It was a reminder to appreciate my obligations
and continue to find and embrace ways to meet them head on.
Two and a half weeks ago I had rotator cuff surgery on my left shoulder. Having gone through the process almost three years ago on my right wing, I had realistic expectations for what lay ahead.
While I still have about three-and-one-half months to go for full recovery, I am in full appreciation mode. Having to navigate the world with a wing in a sling for a few weeks has forced me to slow down (a little bit) and reflect on what’s important. Here is my surgery-inspired gratitude list.
*Perspective. Shoulder surgery can be painful but it is not deadly. I am not dealing with cancer or a heart attack. At worst it’s an inconvenience. I still taught my classes and was able to meet my speaking obligations.
*Marvels of medicine. I hear a lot of people bad mouth our medical system. All I know is an MRI was able to confirm the problem and my doctor has the tools and expertise to fix me.
*My doctor. Two shoulder surgeries but one doctor. Dr. Steven Lancaster (Jacksonville Orthopedic Institute) exhausted all possibilities before “cutting” on me. Gotta love a surgeon whose default setting is NOT to immediately operate.
*Pain control. Immediately following the first surgery, on a scale of 1 to 10 my pain was 25! This time around, thanks to a new technology (On-Q), my pain was minimal.
*My PT. I discovered from my first shoulder surgery that the key to a successful recovery is to religiously follow the prescribed physical therapy. My physical therapy team knows its stuff.
*Insurance. I am thankful to have coverage for this process. Not sure I’d be able to afford it otherwise.
*My bed. For the first 9 nights after surgery I had to sleep in a reclining chair. Enough said.
*Acting now! I’ve heard physically active folks say they would not want to interrupt their activities for four months. True. I will miss out on full workouts…but in four months I will have recovered. If I had kicked the can down the road, guess where I would be in four months? I would be four months older and still with declining strength and limited range of motion.
*Limitations. I have a renewed appreciation for people with real disabilities. As temporary an inconvenience as this has been (and let’s be real, that is what this has been–an inconvenience), I remind myself that there are millions of people with permanent disabilities who have to learn to navigate their world with accommodations of one sort another. My respect is immense.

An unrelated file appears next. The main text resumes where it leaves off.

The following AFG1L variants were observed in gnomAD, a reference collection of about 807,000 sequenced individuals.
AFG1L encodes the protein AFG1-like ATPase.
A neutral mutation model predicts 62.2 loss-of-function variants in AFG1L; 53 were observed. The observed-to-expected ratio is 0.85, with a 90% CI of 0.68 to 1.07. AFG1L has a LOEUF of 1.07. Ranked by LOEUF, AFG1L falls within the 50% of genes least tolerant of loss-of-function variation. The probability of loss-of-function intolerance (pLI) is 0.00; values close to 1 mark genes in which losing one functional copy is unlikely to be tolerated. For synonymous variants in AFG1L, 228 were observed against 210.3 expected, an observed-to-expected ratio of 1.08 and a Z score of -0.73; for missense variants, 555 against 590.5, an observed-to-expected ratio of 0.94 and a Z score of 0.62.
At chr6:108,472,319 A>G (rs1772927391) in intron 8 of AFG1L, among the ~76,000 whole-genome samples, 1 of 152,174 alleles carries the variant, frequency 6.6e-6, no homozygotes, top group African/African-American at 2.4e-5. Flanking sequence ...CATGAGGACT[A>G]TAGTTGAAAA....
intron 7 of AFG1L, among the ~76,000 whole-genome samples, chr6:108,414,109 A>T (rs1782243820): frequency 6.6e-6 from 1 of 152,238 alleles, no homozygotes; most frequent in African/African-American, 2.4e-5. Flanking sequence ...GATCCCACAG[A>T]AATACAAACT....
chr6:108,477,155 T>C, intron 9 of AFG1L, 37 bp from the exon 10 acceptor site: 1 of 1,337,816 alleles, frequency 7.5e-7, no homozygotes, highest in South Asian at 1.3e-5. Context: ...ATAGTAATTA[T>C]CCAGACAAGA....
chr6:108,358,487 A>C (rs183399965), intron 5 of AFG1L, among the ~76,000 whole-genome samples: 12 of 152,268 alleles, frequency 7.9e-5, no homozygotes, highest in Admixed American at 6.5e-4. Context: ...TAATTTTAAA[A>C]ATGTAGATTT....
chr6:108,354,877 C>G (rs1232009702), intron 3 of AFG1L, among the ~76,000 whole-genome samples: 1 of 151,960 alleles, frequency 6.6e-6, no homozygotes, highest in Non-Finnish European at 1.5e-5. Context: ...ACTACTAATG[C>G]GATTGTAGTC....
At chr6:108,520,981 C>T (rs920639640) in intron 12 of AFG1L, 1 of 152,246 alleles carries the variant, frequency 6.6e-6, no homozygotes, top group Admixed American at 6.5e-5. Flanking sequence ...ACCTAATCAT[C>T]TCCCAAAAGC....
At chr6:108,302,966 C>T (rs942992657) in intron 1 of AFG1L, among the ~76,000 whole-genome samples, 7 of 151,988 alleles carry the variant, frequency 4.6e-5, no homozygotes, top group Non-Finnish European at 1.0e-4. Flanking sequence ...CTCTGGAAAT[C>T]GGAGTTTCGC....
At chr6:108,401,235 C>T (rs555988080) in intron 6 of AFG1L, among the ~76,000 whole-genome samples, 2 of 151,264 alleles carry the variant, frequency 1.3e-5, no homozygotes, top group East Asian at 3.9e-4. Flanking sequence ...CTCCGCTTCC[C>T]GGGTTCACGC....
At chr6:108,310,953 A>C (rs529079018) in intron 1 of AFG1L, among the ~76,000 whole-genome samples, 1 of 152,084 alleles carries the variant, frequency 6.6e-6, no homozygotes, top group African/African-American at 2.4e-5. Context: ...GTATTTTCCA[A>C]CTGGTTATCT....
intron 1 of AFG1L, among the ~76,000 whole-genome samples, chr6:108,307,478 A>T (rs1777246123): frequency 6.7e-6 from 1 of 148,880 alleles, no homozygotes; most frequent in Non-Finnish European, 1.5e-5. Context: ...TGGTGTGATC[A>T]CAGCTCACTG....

*My wife. I’m a weenie when it comes to pain and inconvenience. My wife was always present to wrap my shoulder with ice, drive me here and there, and keep a watchful eye out for my well-being. The first two nights she slept on the couch next to my chair. My own private-duty nurse.
*Dependable transportation. I could not drive for two weeks after surgery. I had to depend on friends for rides. Because I have dependable friends, I did not miss any appointments or obligations. I have renewed empathy for folks who must constantly depend upon others or public transportation.
*No excuses. Yes, I’ve had to make lots of adjustments that cost me time and money. But I did not make excuses. It was a reminder to appreciate my obligations and continue to find and embrace ways to meet them head on.
*Surrender. People who know me understand that one of my flaws is my need to control situations. This recovery has forced me to surrender to circumstances that I cannot control or speed up.
*God. All the above did not happen by chance. I might not understand the plan…but I believe there is one.
It’s easy to complain. I know I do my share. And fear can be paralyzing. I find it so much healthier to reflect on the blessings around me. The challenges do make me stronger–and more appreciative of what I have.
Video recommendation for the week:
Focus on gratitude and cast fear aside.
Make it a wonderful week— H.T.R.B. as needed.
Information on my newest book, Choices for College Success (3rd ed.), can be found at Pearson Education.
(c) 2014. Steve Piscitelli. All rights reserved.